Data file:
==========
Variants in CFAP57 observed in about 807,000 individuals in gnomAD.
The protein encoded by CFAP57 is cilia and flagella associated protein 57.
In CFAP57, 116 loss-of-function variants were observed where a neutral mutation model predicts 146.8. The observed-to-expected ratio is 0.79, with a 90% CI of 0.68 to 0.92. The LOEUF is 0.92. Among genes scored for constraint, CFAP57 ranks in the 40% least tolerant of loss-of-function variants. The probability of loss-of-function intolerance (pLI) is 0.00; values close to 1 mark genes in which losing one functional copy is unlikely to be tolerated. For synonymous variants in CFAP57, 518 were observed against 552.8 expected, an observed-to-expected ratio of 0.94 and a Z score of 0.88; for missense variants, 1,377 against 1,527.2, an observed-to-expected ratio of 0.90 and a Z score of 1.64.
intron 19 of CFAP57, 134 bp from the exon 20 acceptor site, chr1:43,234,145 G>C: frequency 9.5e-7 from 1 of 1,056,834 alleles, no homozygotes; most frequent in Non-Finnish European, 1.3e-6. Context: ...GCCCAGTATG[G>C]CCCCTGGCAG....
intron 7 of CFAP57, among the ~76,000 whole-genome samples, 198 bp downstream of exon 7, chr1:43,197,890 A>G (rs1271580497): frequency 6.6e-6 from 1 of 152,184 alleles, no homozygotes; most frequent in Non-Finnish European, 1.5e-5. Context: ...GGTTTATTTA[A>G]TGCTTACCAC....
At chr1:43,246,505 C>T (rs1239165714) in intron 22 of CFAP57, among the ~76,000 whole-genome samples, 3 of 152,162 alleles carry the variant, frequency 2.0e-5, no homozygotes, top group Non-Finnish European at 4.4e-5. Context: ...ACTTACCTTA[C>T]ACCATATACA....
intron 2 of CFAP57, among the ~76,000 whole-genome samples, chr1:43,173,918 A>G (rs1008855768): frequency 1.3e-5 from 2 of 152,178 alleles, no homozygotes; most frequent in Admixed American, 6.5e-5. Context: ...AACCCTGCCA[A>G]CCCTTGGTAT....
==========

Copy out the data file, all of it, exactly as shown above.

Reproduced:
Variants in CFAP57 observed in about 807,000 individuals in gnomAD.
The protein encoded by CFAP57 is cilia and flagella associated protein 57.
In CFAP57, 116 loss-of-function variants were observed where a neutral mutation model predicts 146.8. The observed-to-expected ratio is 0.79, with a 90% CI of 0.68 to 0.92. The LOEUF is 0.92. Among genes scored for constraint, CFAP57 ranks in the 40% least tolerant of loss-of-function variants. The probability of loss-of-function intolerance (pLI) is 0.00; values close to 1 mark genes in which losing one functional copy is unlikely to be tolerated. For synonymous variants in CFAP57, 518 were observed against 552.8 expected, an observed-to-expected ratio of 0.94 and a Z score of 0.88; for missense variants, 1,377 against 1,527.2, an observed-to-expected ratio of 0.90 and a Z score of 1.64.
intron 19 of CFAP57, 134 bp from the exon 20 acceptor site, chr1:43,234,145 G>C: frequency 9.5e-7 from 1 of 1,056,834 alleles, no homozygotes; most frequent in Non-Finnish European, 1.3e-6. Context: ...GCCCAGTATG[G>C]CCCCTGGCAG....
intron 7 of CFAP57, among the ~76,000 whole-genome samples, 198 bp downstream of exon 7, chr1:43,197,890 A>G (rs1271580497): frequency 6.6e-6 from 1 of 152,184 alleles, no homozygotes; most frequent in Non-Finnish European, 1.5e-5. Context: ...GGTTTATTTA[A>G]TGCTTACCAC....
At chr1:43,246,505 C>T (rs1239165714) in intron 22 of CFAP57, among the ~76,000 whole-genome samples, 3 of 152,162 alleles carry the variant, frequency 2.0e-5, no homozygotes, top group Non-Finnish European at 4.4e-5. Context: ...ACTTACCTTA[C>T]ACCATATACA....
intron 2 of CFAP57, among the ~76,000 whole-genome samples, chr1:43,173,918 A>G (rs1008855768): frequency 1.3e-5 from 2 of 152,178 alleles, no homozygotes; most frequent in Admixed American, 6.5e-5. Context: ...AACCCTGCCA[A>G]CCCTTGGTAT....